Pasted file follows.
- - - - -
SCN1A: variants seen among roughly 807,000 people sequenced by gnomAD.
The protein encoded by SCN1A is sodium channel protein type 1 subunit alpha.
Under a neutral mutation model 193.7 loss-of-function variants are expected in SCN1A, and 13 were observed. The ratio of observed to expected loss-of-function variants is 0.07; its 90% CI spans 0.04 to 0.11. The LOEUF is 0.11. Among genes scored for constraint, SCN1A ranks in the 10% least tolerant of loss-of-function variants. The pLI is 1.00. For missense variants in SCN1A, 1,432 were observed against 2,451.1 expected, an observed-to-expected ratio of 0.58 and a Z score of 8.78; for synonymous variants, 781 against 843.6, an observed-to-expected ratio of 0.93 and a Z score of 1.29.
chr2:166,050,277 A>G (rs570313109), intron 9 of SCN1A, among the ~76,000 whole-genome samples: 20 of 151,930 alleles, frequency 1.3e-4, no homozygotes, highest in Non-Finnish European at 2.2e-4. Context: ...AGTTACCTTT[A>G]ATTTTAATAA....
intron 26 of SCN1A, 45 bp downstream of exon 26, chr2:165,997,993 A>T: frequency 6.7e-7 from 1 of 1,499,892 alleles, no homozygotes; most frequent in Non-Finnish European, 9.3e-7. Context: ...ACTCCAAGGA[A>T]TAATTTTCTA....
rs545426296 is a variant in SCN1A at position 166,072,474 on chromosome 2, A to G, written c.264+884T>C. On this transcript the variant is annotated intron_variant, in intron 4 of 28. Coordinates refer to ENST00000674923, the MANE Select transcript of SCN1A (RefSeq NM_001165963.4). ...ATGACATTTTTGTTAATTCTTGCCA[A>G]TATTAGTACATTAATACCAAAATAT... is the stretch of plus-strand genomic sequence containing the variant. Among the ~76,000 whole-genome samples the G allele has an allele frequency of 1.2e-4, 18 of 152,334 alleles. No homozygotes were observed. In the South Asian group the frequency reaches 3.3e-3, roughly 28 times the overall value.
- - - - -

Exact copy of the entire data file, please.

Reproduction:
SCN1A: variants seen among roughly 807,000 people sequenced by gnomAD.
The protein encoded by SCN1A is sodium channel protein type 1 subunit alpha.
Under a neutral mutation model 193.7 loss-of-function variants are expected in SCN1A, and 13 were observed. The ratio of observed to expected loss-of-function variants is 0.07; its 90% CI spans 0.04 to 0.11. The LOEUF is 0.11. Among genes scored for constraint, SCN1A ranks in the 10% least tolerant of loss-of-function variants. The pLI is 1.00. For missense variants in SCN1A, 1,432 were observed against 2,451.1 expected, an observed-to-expected ratio of 0.58 and a Z score of 8.78; for synonymous variants, 781 against 843.6, an observed-to-expected ratio of 0.93 and a Z score of 1.29.
chr2:166,050,277 A>G (rs570313109), intron 9 of SCN1A, among the ~76,000 whole-genome samples: 20 of 151,930 alleles, frequency 1.3e-4, no homozygotes, highest in Non-Finnish European at 2.2e-4. Context: ...AGTTACCTTT[A>G]ATTTTAATAA....
intron 26 of SCN1A, 45 bp downstream of exon 26, chr2:165,997,993 A>T: frequency 6.7e-7 from 1 of 1,499,892 alleles, no homozygotes; most frequent in Non-Finnish European, 9.3e-7. Context: ...ACTCCAAGGA[A>T]TAATTTTCTA....
rs545426296 is a variant in SCN1A at position 166,072,474 on chromosome 2, A to G, written c.264+884T>C. On this transcript the variant is annotated intron_variant, in intron 4 of 28. Coordinates refer to ENST00000674923, the MANE Select transcript of SCN1A (RefSeq NM_001165963.4). ...ATGACATTTTTGTTAATTCTTGCCA[A>G]TATTAGTACATTAATACCAAAATAT... is the stretch of plus-strand genomic sequence containing the variant. Among the ~76,000 whole-genome samples the G allele has an allele frequency of 1.2e-4, 18 of 152,334 alleles. No homozygotes were observed. In the South Asian group the frequency reaches 3.3e-3, roughly 28 times the overall value.